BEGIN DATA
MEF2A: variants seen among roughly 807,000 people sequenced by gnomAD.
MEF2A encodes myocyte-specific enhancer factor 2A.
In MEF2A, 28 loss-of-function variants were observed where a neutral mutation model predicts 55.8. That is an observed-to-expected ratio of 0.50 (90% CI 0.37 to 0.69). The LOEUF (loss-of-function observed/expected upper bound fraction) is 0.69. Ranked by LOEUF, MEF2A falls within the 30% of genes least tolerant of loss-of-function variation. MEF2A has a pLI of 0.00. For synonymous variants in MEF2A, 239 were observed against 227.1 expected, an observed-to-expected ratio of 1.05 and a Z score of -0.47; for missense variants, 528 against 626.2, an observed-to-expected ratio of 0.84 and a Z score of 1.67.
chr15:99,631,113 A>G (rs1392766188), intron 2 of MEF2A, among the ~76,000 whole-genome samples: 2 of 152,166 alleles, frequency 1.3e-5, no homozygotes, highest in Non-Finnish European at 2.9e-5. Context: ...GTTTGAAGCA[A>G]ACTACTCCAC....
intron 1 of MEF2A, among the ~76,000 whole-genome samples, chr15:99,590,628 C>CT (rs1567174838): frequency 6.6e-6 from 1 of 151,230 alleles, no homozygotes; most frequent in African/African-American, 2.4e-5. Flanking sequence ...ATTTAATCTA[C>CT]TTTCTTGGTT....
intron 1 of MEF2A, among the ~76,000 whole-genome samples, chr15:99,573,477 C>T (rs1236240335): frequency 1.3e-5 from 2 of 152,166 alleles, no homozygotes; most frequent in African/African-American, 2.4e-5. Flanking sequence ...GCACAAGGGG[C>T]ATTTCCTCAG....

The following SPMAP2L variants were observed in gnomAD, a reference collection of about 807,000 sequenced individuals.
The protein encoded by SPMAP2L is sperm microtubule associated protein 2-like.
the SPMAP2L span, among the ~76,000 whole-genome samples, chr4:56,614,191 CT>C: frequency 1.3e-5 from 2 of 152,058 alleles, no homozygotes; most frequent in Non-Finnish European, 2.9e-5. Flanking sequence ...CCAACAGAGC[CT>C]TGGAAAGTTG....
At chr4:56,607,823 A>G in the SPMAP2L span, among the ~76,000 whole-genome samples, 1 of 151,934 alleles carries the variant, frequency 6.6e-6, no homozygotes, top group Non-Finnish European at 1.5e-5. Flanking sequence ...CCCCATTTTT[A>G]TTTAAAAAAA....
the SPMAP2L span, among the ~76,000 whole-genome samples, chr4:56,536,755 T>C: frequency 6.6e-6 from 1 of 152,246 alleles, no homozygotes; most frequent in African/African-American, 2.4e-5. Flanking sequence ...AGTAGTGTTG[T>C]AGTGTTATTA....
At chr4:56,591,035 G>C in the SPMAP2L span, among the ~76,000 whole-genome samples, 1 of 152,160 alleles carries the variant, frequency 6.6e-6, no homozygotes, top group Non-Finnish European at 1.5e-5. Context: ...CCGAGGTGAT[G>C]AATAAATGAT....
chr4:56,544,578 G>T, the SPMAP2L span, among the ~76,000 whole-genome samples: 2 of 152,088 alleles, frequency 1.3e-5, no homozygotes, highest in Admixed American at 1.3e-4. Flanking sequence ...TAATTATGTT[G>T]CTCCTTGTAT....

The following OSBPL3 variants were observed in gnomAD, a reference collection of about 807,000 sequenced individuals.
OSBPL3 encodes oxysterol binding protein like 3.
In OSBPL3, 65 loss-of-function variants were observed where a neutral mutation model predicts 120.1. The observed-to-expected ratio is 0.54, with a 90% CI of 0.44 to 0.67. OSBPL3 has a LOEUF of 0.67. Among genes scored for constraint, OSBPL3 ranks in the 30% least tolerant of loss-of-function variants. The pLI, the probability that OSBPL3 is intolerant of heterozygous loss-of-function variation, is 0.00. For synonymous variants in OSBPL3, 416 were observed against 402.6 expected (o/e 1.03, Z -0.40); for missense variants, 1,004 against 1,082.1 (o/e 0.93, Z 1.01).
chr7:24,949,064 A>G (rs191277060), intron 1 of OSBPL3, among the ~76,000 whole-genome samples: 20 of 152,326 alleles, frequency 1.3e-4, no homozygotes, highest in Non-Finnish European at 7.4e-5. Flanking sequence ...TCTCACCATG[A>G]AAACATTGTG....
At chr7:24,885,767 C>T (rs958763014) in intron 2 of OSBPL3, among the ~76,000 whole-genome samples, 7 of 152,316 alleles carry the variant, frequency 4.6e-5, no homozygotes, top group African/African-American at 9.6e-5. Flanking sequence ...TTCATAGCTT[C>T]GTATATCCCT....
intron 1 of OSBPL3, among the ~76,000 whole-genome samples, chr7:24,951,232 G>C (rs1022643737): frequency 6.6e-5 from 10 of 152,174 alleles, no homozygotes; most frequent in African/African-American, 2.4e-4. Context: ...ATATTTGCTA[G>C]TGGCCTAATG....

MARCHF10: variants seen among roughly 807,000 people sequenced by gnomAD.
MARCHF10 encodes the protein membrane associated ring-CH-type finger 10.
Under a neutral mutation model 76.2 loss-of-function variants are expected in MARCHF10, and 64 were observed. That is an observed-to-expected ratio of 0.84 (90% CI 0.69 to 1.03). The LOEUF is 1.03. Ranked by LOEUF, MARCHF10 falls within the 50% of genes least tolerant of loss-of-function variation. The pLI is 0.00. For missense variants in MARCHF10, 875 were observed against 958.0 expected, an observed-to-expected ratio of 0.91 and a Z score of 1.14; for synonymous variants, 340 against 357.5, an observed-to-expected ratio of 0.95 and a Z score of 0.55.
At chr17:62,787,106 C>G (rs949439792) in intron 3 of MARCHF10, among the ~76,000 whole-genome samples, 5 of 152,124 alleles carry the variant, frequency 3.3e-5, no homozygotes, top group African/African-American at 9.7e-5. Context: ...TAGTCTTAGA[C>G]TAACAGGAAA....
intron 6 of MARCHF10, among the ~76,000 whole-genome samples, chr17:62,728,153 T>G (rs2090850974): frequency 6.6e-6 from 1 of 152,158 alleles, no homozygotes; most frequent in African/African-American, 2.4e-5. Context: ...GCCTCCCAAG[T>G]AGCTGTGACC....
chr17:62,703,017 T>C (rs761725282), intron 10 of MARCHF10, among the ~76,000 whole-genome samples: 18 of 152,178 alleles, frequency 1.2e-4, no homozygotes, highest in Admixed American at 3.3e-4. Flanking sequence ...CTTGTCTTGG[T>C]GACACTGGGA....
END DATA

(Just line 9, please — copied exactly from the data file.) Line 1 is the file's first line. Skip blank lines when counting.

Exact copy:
the SPMAP2L span, among the ~76,000 whole-genome samples, chr4:56,614,191 CT>C: frequency 1.3e-5 from 2 of 152,058 alleles, no homozygotes; most frequent in Non-Finnish European, 2.9e-5. Flanking sequence ...CCAACAGAGC[CT>C]TGGAAAGTTG....